It goes without saying that most Americans lead terribly busy lives. People are so engaged, in fact, that on average a person has just four hours and 26 minutes of free time available to them each week. Despite this, nearly 25 percent of the U.S. population – 60-plus million people – find the necessary time to volunteer for a good cause.

The benefits of volunteering at Freeman Health System, however, go far beyond altruism; it harnesses the power to directly change lives.

“Helping others is something I always love, especially those in need; I think helping with even the smallest tasks can make a real difference in people’s lives,” said Eliana Lewis, current Freeman Auxiliary President who regularly volunteers at Freeman West Hospital.  When I volunteer, I know I'll meet at least one person who will either touch my heart, make me smile or gives me something to reflect upon. It's rewarding when I can answer a question, solve a problem or just make a person feel less lonely.”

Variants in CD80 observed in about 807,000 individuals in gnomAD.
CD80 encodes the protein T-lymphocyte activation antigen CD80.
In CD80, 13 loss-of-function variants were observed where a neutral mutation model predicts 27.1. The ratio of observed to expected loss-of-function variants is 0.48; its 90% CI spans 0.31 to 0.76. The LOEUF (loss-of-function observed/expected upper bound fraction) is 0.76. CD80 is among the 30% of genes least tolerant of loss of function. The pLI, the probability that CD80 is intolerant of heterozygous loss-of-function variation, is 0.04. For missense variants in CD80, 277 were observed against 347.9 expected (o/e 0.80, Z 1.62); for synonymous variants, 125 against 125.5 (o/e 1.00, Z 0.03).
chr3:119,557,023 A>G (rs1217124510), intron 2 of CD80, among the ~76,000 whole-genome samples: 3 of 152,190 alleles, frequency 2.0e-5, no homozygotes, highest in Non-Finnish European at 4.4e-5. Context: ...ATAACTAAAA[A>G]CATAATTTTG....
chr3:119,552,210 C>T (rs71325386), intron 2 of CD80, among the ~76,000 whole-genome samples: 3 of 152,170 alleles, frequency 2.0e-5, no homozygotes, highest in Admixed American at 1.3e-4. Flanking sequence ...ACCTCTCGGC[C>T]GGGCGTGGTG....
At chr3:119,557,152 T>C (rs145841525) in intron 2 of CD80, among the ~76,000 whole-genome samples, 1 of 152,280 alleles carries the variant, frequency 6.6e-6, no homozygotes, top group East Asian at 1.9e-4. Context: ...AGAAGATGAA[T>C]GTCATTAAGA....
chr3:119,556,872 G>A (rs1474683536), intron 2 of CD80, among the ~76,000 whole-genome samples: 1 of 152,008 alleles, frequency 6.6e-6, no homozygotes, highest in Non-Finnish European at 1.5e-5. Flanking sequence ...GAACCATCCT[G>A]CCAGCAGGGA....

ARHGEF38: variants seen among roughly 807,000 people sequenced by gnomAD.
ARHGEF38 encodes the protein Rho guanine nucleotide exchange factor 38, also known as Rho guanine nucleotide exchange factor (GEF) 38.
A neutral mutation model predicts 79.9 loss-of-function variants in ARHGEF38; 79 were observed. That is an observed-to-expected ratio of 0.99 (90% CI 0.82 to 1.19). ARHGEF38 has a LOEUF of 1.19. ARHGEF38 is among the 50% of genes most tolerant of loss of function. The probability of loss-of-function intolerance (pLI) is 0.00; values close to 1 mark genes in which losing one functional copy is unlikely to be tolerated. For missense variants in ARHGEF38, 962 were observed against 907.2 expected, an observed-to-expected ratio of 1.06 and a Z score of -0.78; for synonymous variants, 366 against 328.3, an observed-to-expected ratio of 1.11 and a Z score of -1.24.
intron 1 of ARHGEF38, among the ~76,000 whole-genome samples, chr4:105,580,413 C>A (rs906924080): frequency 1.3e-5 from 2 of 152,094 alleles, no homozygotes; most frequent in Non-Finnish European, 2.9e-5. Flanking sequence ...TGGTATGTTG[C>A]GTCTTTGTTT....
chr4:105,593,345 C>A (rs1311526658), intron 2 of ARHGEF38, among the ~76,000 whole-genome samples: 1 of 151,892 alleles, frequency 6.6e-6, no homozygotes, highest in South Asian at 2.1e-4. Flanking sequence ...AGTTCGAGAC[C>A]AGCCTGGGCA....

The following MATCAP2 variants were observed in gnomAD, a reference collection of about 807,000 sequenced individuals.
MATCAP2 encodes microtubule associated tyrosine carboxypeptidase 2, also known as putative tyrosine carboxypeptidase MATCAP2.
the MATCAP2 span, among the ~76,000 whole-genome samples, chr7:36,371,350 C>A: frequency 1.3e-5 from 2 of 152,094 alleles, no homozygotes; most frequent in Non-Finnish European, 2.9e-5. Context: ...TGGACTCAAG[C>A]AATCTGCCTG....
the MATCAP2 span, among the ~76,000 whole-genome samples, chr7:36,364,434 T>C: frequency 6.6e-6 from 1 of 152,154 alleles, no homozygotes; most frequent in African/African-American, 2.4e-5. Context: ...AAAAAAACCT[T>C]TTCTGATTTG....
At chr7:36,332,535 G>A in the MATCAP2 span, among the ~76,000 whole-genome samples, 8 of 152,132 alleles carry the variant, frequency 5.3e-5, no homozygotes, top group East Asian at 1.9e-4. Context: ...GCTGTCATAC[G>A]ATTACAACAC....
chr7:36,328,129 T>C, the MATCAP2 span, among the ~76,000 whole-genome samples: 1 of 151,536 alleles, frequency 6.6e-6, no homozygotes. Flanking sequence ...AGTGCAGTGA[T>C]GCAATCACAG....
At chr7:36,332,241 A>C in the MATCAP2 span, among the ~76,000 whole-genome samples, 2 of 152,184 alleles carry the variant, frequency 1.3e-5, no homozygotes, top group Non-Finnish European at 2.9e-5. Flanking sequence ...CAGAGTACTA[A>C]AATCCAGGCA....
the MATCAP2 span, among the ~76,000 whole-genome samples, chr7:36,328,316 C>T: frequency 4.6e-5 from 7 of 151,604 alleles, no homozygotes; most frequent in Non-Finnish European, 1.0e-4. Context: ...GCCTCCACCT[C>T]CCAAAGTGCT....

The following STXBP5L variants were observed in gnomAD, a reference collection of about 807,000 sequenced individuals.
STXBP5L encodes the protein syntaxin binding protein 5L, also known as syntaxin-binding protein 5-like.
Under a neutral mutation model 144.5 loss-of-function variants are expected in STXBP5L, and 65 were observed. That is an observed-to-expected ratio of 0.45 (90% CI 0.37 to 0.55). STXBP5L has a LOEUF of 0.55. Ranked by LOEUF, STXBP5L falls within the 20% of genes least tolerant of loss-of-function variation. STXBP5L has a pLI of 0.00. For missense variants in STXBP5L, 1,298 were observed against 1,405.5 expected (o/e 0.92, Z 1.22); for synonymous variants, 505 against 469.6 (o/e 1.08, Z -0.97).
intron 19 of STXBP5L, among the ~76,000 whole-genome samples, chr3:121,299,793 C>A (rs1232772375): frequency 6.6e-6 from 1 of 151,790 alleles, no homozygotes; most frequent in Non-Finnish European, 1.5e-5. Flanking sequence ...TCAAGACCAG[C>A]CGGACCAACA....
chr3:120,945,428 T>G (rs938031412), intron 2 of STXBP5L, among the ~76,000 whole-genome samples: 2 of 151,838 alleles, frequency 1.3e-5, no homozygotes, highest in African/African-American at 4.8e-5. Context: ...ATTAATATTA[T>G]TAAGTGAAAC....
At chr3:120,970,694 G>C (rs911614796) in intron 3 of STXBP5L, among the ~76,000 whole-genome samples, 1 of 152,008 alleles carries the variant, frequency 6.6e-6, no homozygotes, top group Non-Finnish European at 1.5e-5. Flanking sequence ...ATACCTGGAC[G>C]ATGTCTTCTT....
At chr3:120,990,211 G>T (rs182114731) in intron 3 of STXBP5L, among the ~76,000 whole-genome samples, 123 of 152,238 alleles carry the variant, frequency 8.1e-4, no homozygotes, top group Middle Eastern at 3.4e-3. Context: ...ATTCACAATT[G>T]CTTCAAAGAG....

Volunteering can directly help people in need and the community as a whole. The benefits, however, are reciprocal. Volunteers can find new friends, connect with the community, learn new skills, or help advance personal careers.

“Whatever the age or life situation,” Lewis said, “volunteering can help take one’s mind off their own worries and add more zest to their life.”

Freeman Health System volunteer Earline Kelley, after working professionally in the medical field in California and Kansas City, returned to Joplin in 2005. She immediately began volunteering at Freeman West Hospital.